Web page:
Throughout the century that Marygrove College has operated in southeast Michigan, it has made many bold moves.
From educating only women when few colleges did so in the early 1900s, to inviting 68 African-American women in the wake of Detroit’s 1967 civil disturbance, to creating one of the nation’s first master of arts in teaching degrees, the small Catholic institution has prided itself on its trailblazing history.
On Wednesday, the private, liberal arts college in northwest Detroit announced another move to keep it viable in the face of a steep enrollment drop: It will drop 35 undergraduate programs in January and offer only seven graduate and professional development programs.
No other college in the country has made this type of transformation to sustain itself, said Marygrove President Elizabeth Burns, a transition that she called “not unlike our historically bold moves.”
But the move comes as a shock to everyone in the Marygrove community, Burns added, because it will displace about 300 undergraduate students, and about 50 faculty and staff will lose their jobs.
The college’s fall sports teams — men and women’s soccer and women’s volleyball — will continue through autumn. But the basketball and baseball programs will not. Meanwhile, Marygrove’s community programs, such as the Contemporary American Authors Series and Institute for Music and Dance, will continue.
“It’s sad,” said Burns, an alumna, during a press conference on the college’s campus. “But it allows us to continue serving this community’s needs. ... The board is exploring how to continue its rich history of education on our campus and bring new life on campus in partnership with others.
“I am convinced that given the plight of other small liberal arts colleges across the country,” Burns continued, “we are fortunate to stay open to service our graduate students and the community.”
After the press conference, Burns said there are some plans that may emerge in the fall, but she could not share details.
The news was disappointing for former Marygrove student Taylor Jones, who was on campus Wednesday planning to re-enroll after a two-year hiatus.
She attended Marygrove for three years as a dance major but left when she couldn’t pay off a big bill. Then she found out she will not be able to complete her degree at Marygrove, despite having just one year left.
“It’s not good news at all,” said Jones, 27, of Detroit. “I really wanted to finish my last year. It sucks for a lot of teachers here, who are going to be laid off.”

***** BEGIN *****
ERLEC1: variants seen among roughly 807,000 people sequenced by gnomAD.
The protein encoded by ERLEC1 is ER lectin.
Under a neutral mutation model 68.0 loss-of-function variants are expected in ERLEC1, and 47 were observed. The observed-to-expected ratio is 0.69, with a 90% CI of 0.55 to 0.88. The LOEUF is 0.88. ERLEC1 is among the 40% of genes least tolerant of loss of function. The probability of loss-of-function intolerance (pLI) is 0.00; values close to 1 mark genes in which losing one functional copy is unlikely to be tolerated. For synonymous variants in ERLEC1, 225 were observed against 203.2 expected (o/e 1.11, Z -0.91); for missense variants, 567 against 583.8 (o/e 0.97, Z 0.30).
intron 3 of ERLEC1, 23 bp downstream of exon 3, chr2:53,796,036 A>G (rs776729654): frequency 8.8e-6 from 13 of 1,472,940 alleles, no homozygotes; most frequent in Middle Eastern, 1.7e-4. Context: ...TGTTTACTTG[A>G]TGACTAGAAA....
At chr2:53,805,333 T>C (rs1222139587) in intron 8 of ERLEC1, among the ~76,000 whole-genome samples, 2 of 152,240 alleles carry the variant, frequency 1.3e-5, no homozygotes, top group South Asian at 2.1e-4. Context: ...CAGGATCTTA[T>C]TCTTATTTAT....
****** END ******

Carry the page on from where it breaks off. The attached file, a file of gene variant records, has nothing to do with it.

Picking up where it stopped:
This is not the first time a Detroit higher learning institution has gone through a drastic change.
In 1990, the University of Detroit, founded in 1877 by the Jesuits, consolidated with Mercy College of Detroit, founded by the Sisters of Mercy in 1941. In 1995, the Detroit College of Law affiliated with Michigan State University.
An anchor in northwest Detroit, Marygrove College was founded in Monroe by the Sisters, Servants of the Immaculate Heart of Mary in 1905, and moved in 1927 to a wooded, 53-acre parcel on McNichols. It was a women’s college until 1971.
Over the years, the school became well-known for educating teachers.
About half of the students who attend the college are Detroit residents, while the remaining hail from the region, along with a few from out-state and outside the country.
Enrollment peaked in 2013 with more than 1,850 graduate and undergraduate students. Tuition costs $21,500 annually for undergraduates and $13,230 annually for graduate students.
But a recent analysis found that Marygrove’s business model is not sustainable, and undergraduate enrollment is projected to be lower than last fall, when it had dropped to 966.
The school is funded primarily by grants, donations and tuition.
“Regrettably, Marygrove has experienced the same enrollment and financial issues as many liberal arts colleges across the country and the state,” Burns said. “Vigorous marketing and recruitment efforts have failed to provide sufficient revenue from our undergraduate programs to continue operations as usual.”
Marygrove will continue its legacy of educating teachers by offering seven master’s programs, primarily in education, covering areas such as leadership, technology and the art of teaching. But it also will offer master’s programs in areas such as social justice and human resource management.
“The Board of Trustees voted to continue with strong graduate studies and professional development because grad studies are sustainable and in demand,” said Kay Benesh, president of the Marygrove Board of Trustees. “It was also critical for Marygrove to remain the mainstay of this northwest Detroit community and an active partner with our neighbors in growing this community.”
Incoming and returning students have been notified by the college, which will help them to identify alternative schools. Faculty and staff also are being assisted, college officials said.
“The decision to reduce the academic program was a difficult one, but one that will enable Marygrove College to maintain a presence in Detroit,” said Sister Mary Jane Herb, IHM, president of Marygrove’s sponsor, the Sisters, Servants of the Immaculate Heart of Mary congregation.
“It is our sincere belief that the campus will continue the rich heritage of education, being a beacon of hope for students into the future.”
Besides University of Detroit-Mercy and Madonna University in Livonia, Marygrove is one of three Catholic colleges in Metro Detroit.